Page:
Use and Reproduction Educational use only, no other permissions given. Copyright to this resource is held by the content creator, author, artist or other entity, and is provided here for educational purposes only. It may not be reproduced or distributed in any format without written permission of the copyright owner. For more information please see UH Digital Library Fair Use policy on the UH Digital Library About page.
File Name index.cpd
Item Description
Title Page 9
File Name femin_201109_519i.jpg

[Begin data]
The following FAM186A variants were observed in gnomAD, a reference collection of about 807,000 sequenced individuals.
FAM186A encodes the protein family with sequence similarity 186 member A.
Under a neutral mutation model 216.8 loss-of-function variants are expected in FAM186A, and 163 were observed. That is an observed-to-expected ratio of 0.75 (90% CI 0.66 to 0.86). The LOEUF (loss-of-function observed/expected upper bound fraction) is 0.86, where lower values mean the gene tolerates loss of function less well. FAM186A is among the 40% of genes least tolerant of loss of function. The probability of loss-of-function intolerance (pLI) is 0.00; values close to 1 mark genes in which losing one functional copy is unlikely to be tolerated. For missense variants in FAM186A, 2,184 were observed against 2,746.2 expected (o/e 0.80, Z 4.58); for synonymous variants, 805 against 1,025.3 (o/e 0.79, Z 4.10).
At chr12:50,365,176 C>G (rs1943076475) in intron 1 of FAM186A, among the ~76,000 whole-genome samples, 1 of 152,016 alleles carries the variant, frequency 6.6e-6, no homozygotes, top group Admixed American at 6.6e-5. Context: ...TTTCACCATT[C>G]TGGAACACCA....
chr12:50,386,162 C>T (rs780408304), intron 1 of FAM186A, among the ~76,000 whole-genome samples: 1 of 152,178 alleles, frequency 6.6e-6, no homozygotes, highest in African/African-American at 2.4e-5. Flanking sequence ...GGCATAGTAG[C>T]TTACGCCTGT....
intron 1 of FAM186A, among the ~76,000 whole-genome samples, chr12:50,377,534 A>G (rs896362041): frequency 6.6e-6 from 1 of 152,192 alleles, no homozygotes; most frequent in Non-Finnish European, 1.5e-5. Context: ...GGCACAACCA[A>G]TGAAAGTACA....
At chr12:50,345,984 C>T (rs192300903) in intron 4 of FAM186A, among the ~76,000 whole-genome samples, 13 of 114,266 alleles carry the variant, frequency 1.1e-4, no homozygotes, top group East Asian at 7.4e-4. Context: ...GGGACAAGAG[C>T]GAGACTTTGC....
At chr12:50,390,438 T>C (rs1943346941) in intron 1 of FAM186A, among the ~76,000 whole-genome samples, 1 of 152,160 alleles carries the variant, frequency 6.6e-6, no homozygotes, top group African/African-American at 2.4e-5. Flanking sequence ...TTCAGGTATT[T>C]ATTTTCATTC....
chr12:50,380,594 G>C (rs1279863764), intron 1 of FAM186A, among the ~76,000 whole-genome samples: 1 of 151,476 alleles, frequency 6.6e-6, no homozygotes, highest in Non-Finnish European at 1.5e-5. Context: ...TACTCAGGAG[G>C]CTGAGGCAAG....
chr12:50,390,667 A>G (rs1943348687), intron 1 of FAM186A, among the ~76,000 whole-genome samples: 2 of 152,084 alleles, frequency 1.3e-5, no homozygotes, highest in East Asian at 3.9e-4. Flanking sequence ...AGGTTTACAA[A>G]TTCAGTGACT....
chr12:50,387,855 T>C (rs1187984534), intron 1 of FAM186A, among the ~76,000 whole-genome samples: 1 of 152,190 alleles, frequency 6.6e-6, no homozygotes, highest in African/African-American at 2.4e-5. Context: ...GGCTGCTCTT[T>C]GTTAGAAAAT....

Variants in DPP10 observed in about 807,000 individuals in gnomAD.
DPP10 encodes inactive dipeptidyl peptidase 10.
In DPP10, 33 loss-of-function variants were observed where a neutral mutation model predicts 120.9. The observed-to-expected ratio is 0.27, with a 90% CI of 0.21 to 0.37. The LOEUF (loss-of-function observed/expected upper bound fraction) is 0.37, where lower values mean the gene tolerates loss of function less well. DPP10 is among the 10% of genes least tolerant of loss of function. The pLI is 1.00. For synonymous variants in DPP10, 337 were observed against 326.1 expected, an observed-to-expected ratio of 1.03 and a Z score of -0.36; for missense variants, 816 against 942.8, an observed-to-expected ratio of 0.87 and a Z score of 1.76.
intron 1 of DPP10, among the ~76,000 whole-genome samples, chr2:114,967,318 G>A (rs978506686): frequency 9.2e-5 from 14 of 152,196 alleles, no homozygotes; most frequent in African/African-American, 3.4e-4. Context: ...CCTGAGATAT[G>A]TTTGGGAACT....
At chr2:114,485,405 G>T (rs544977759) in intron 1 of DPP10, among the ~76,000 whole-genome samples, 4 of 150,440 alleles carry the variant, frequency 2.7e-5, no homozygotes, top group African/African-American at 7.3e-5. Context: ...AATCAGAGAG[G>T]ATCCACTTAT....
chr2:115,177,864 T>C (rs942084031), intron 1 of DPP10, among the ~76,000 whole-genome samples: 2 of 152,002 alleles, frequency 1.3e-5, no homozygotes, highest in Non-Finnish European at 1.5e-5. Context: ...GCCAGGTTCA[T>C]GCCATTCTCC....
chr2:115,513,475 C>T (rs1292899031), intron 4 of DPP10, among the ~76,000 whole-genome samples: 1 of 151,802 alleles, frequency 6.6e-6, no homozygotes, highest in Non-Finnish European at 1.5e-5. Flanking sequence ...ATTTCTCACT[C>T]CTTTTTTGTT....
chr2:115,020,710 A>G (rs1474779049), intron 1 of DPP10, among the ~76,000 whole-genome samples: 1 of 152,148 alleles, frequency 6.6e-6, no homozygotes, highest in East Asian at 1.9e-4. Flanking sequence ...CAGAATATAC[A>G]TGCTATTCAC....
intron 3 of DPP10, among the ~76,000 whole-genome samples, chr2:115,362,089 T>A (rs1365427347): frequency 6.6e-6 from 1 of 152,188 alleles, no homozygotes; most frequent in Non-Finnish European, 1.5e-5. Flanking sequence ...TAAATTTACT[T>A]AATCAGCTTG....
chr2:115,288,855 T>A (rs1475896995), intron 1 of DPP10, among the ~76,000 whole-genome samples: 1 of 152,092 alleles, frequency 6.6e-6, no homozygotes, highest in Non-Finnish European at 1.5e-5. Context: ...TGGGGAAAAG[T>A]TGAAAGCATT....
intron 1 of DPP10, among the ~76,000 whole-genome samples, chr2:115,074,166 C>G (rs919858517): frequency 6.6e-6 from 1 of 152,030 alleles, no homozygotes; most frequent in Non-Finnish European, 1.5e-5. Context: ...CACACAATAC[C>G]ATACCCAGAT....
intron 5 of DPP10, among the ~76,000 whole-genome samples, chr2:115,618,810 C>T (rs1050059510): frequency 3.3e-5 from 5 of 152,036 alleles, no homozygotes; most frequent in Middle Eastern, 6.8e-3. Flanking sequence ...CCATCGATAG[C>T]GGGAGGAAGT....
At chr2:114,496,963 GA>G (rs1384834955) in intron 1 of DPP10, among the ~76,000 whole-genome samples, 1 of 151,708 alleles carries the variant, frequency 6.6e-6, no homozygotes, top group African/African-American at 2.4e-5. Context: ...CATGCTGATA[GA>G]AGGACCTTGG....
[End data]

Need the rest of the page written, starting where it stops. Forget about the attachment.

Transcript Meanwhile back in Houston, KTRK-TV news director Walt Hawver thought he did a good thing in commending his news staff in a memo for a one-hour "Eyewitness Texas" program which aired in June. He mentioned the three segments of the magazine show: one on beach erosion along the Gulf (by Jan Carson and Frank Ambrose); another on the Guatemalan earthquake tragedy (by Elma Barrera and Phyllis Deter) and another segment by Dave Glodt and Dana Millikin on the Texas longhorn trail ride. In the memo Hawver said, m(V«0QQfi "You could have hardly not noticed, but I will say it anyway. Seventy percent of this program was filmed and edited by our two intrepid women photographers, the other 70 percent was reported by our five women reporters. Frank and David were in the best company." Hawver got a memo back from Channel 13 news reporter Frank Agraz and someone posted a copy of it in the newsroom. Agraz pointed out that "it is a recognized fact of organizational politics that to improve product, management praises work of people who do praiseworthy effort" and added that "the Equal Employment Opportunity Act says there should be no discrimination between people of different colors, sex, ethnic background, etc." And, Agraz then asked his boss, "Will I have to undergo a sex change operation to get recognized in a memorandum that officially goes to Kenneth Johnson, General Manager, and to all employees of KTRK-TV? Since women are doing such a wonderful job, will the next step be to hire all women?" (Someone scribbled in on the memo "good idea.") Agraz felt Hawver violated "the spirit of the EEO Act" because "you single out one segment of your staff, to the exclusion of the rest." "Why should their femininity have anything to do with their output?" Agraz concluded. Well, this laid the ground for some long pent-up feelings from some of the women on the staff who replied to Agraz: "Heretofore, whenever any kind of praise was given, it was all directed toward men, because only men were hired. (And no man objected to that.) "Then women were discovered and we were told by members of the staff that we were hired because, and only because, we were women. (And no man objected to that insult.) "Now comes the time for praise. (And a man objects). "Yes, perhaps a sex change operation would be best...Then some of the men would know what it feels like." The KTRK women had the last word. It is memos like the one from Texas Monthly publisher Michael Levy to his staff and the one from KTRK-TV news reporter Frank Agraz to his boss that make you lament the passing of the Houston Journalism Review. They would have had a ball. In October 1973, in an HJR story on then nine-month-old Texas Monthly, publisher Levy was quoted as saying, "I'm out to make a buck and things look good." Well, today things don't look so rosy for Levy. He dashed off a memo to his editorial staff which got into the office of The Texas Observer. According to the Observer's account, the memo (dated May 24) singled out references to Neiman-Marcus in the June issue which Levy considered "gratuitous insults." One was in Harry Hurt's article on cockroaches in which he said, "All that remains is for Neiman-Marcus to recognize the potential market in cockroach chic." Hurt was not too far off if Houston viewers recall the five minutes of free panhandling Stanley Marcus did on pet rocks on KPRC's "Scene at 5" show around Christmastime. Another reference made light of a "headline-typo" competition saying "Neiman-Mara/p Investigated On Pricing Policy." Levy began by saying "I continue to be stunned at the lack of total regard and due respect on the part of the editorial staff to the real world environment this magazine must operate in. 'Take a look through the June issue. On pages 7, 32 and 53 you will see large ads from Neiman-Marcus. These ads are important to Texas Monthly not just because of the revenue they bring in. They are also critical to the advertising look... With Neiman's in the book, the s others (advertisers) have come in." Molly Ivins (former Observer editor now with the New York Times) must have enjoyed reading the next part. "If your principles cannot tolerate such a harsh reality, I suggest that you leave publishing in general and join a religious order or The Texas Observer." Monthly's editor William Broyles is reported to have answered Levy that the memo in its tone was "obscene," and to have "disappeared on a vacation of unspecified length." It is interesting that while Levy is sensitive to one big advertiser, he is insensitive to the Texas feminists, many of whom are privately boycotting the magazine because of the regular appearance of its sexist covers. In fact, it is Levy, say some of his staff and some ad people, privately, that likes the "tits and ass" look of so many of the Monthly covers. g^ Anyone for sending Levy a y memo? B.B.C.